4. Securely Attach the Moss to the Anchors

Once you have your anchors, you can then use some basic fishing line to gently but securely tie your moss of choice to the anchors. 

Getting this right might take a bit of trial and error, and exactly how you do it depends on the type of moss and anchors you have, so this is something you’ll have to kind of figure out for yourself.

5. Place the Anchored Moss in the Aquarium

Once you have the moss tied to your anchors, it’s time to insert it into the aquarium. Once again, exactly how you place this into the aquarium, where you place it, and how you choose to secure the moss and the anchors is up to you. 

This will all depend on the size of the aquarium, the positioning of your moss wall, and the type of moss and anchors you are using.

For instance, if you are trying to make a vertical moss wall using driftwood as an anchor, I recommend tying at least three or four bunches of moss to individual anchors, and then placing those driftwood anchors vertically against your aquarium wall with regular spacing in between. Eventually, that moss will spread.

6. Provide Your Moss with Some Fertilizer

If you think that your aquarium does not have enough nutrients to allow the moss to grow fast and strong, providing it with some liquid fertilizer is something to consider. 

Many types of aquarium plants also do really well with additional carbon dioxide injection. Also, make sure that the moss gets plenty of natural light, because plants like moss require photosynthesis in order to grow.

7. Maintain the Ever-Growing Moss Wall

Amano shrimp (Caridina Multidentata) sits on the java moss in aquarium aquascape. Close-up shot.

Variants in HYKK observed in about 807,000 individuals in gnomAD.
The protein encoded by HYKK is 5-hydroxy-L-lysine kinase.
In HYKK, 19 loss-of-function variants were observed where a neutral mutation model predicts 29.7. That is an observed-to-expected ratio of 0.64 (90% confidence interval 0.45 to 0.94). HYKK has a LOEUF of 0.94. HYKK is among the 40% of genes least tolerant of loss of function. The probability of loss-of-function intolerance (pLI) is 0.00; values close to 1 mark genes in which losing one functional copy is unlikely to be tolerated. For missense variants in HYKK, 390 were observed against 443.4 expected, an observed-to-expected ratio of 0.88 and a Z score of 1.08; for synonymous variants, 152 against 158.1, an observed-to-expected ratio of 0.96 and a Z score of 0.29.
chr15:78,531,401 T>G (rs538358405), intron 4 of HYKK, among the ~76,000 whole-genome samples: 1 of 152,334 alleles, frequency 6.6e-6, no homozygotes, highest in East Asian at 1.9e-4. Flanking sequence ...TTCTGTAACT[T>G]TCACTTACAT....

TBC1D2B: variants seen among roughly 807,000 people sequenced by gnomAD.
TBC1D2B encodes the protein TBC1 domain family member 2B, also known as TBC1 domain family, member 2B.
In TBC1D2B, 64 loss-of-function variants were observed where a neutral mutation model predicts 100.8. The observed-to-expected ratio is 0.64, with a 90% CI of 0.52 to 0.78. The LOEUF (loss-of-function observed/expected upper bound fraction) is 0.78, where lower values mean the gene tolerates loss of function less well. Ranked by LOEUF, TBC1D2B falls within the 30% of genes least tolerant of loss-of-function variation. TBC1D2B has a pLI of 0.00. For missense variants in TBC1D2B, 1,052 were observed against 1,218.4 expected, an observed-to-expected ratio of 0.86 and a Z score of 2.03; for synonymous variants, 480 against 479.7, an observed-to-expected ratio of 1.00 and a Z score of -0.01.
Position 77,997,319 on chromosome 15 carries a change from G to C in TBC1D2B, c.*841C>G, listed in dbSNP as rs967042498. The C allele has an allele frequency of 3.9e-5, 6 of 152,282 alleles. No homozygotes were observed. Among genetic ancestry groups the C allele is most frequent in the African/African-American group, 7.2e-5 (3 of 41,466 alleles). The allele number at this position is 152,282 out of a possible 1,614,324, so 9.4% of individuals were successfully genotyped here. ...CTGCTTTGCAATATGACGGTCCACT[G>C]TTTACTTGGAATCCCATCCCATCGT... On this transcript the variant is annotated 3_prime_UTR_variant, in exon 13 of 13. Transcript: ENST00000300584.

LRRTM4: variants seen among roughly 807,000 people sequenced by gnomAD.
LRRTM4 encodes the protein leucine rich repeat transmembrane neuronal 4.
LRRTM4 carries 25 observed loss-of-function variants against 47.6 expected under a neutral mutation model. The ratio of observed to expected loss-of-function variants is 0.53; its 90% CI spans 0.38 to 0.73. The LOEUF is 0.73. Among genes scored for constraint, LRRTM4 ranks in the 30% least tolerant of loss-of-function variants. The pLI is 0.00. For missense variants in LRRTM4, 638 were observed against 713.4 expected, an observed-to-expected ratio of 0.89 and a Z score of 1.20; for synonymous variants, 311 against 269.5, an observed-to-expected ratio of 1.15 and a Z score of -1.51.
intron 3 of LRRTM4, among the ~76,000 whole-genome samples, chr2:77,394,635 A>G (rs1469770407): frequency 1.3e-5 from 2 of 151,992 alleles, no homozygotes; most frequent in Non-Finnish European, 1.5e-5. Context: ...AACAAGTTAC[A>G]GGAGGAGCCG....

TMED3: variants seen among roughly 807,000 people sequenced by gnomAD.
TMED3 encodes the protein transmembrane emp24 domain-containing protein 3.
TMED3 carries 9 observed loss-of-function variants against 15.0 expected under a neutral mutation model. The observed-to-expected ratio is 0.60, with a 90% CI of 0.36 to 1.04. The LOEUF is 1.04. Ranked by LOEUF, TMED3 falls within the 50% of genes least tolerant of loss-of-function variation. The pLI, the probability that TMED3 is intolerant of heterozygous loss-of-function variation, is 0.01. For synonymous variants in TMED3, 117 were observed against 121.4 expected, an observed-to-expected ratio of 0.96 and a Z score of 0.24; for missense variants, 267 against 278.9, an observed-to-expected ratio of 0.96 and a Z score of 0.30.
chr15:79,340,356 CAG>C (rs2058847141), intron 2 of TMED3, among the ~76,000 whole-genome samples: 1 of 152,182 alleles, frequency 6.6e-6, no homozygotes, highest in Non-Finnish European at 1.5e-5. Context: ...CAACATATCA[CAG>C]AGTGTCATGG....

Growing a moss wall in an aquarium is no exact science. You might have to move things around every now and again to create solid coverage, you might need to do some fertilizing, some trimming and pruning, and so on and so forth.

Why Create a Moss Wall in Your Aquarium?

Before I wrap things up for today, I quickly want to touch on the main reasons why I think moss walls are good ideas to put in aquariums.

  • First and foremost, moss walls look very nice. I’ve never had a freshwater aquarium that looked better than the one where I grew a massive moss wall.
  • Moss walls also provide beneficial bacteria with a great breeding ground, therefore providing your aquarium with increased biological filtration capabilities.
  • Moss walls also provide smaller fish with both hiding spots and foraging grounds for food.
  • Many types of aquarium moss also act as fantastic water filtration units in themselves, therefore helping to keep your tank just that much cleaner alongside your filtration unit.

What Is an Aquarium Moss Wall?

As the name implies, here I am talking about a submerged mass of moss inside of your planted tank. 

There are many different kinds of aquarium moss that you can use for this purpose, and I personally like Java moss, although there are many to choose from. 

The point here is to create a solid and flat wall of moss that either sits against your aquarium wall or blankets the bottom of the aquarium like a beautiful green carpet.


When all that has been said and done, growing a moss wall in an aquarium has been perhaps one of my favorite projects of all. Moss walls make for fantastic additions to planted aquariums for a variety of reasons, and it’s something I recommend trying.